Is It Safe to Swallow Chewing Gum?
As you can probably assume from the previous answer, accidentally swallowing a small piece of gum shouldn’t be a reason for concern. However, if you swallow a very large piece or several small pieces of gum at once, some problems may occur. In large quantities, the gum you swallow could form a bezoar, a big, stone-like mass that’s trapped inside your gastrointestinal tract. Like the gum itself, this bezoar is indigestible and could thus create a potentially dangerous blockage in your digestive system.
The formation of bezoars made of swallowed chewing gum is highly unusual, though not unheard of.
A report published in a 1998 issue of the journal Pediatrics revealed the details of three such cases.
In one case, a four-year-old girl would receive chewing gum multiple times a day as a reward from her parents. She gradually developed a habit of swallowing one piece of gum just so she could get another one. Over time, this led to the formation of a “multicolored rectal mass” which had to be removed.
The second case concerned another four-year-old, this time a boy, who had been addicted to chewing gum for two years before his parents took him to see the doctor. According to the paper, swallowing seven pieces of gum a day resulted in the formation of a taffy-like blockage in his digestive tract. As in the previous case, the doctors once again had to manually remove this bezoar from his body.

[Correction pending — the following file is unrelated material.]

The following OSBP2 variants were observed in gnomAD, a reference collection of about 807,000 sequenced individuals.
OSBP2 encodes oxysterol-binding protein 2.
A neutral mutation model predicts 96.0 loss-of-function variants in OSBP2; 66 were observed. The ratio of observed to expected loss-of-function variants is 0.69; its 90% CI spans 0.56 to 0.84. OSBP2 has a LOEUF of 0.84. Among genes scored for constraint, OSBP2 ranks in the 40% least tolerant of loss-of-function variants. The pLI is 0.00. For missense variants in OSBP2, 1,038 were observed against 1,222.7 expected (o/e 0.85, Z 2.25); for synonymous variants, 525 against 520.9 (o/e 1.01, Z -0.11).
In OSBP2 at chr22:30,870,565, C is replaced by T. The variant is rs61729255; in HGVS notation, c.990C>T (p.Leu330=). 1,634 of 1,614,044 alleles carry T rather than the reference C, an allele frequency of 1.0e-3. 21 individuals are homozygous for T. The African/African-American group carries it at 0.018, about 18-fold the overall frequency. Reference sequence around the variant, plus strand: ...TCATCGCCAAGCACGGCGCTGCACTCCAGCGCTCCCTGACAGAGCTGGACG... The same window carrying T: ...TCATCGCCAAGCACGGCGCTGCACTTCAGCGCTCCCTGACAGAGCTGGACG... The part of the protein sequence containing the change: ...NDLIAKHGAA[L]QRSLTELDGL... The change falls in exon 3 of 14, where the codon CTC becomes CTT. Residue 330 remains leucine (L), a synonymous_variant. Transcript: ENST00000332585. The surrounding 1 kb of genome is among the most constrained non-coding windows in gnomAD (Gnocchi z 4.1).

In the third case, an 18-month-old girl, an avid gum lover despite her age, accidentally swallowed gum along with four coins she found nearby. Needless to say, this created an extremely large blockage for someone so small, so doctors had to react quickly. They couldn’t remove the entire mass at once, so they first had to carefully extract one coin before proceeding to remove the other three in one fell swoop.
Again, these are very rare cases, but they illustrate the potential dangers of swallowing too much gum at once. The risk of intestinal blockages is particularly high when large, indigestible objects are swallowed alongside gum. As many young children have a tendency to swallow foreign objects, they are most at risk of complications as a result of swallowing gum.
To Chew or Not to Chew
As a rule, gum doesn’t stay in your stomach for more than a week, so you can chew freely and not worry about accidentally swallowing a piece. However, this doesn’t mean that you should go through a pack of gum a day. While the act of chewing itself has many benefits, including better alertness due to an increased flow of blood to the brain, the sugars and sweeteners in gum aren’t that good for your health.
If chewing gum is your way of coping with stress, you might want to look for other methods as chewing gum – even if it’s sugar-free – might contribute to tooth decay. But if you really must chew, you should always opt for a sugar-free variety that contains xylitol rather than other, less healthy sugar substitutes. Also, make sure to chew in moderation because too much chewing could cause jaw problems.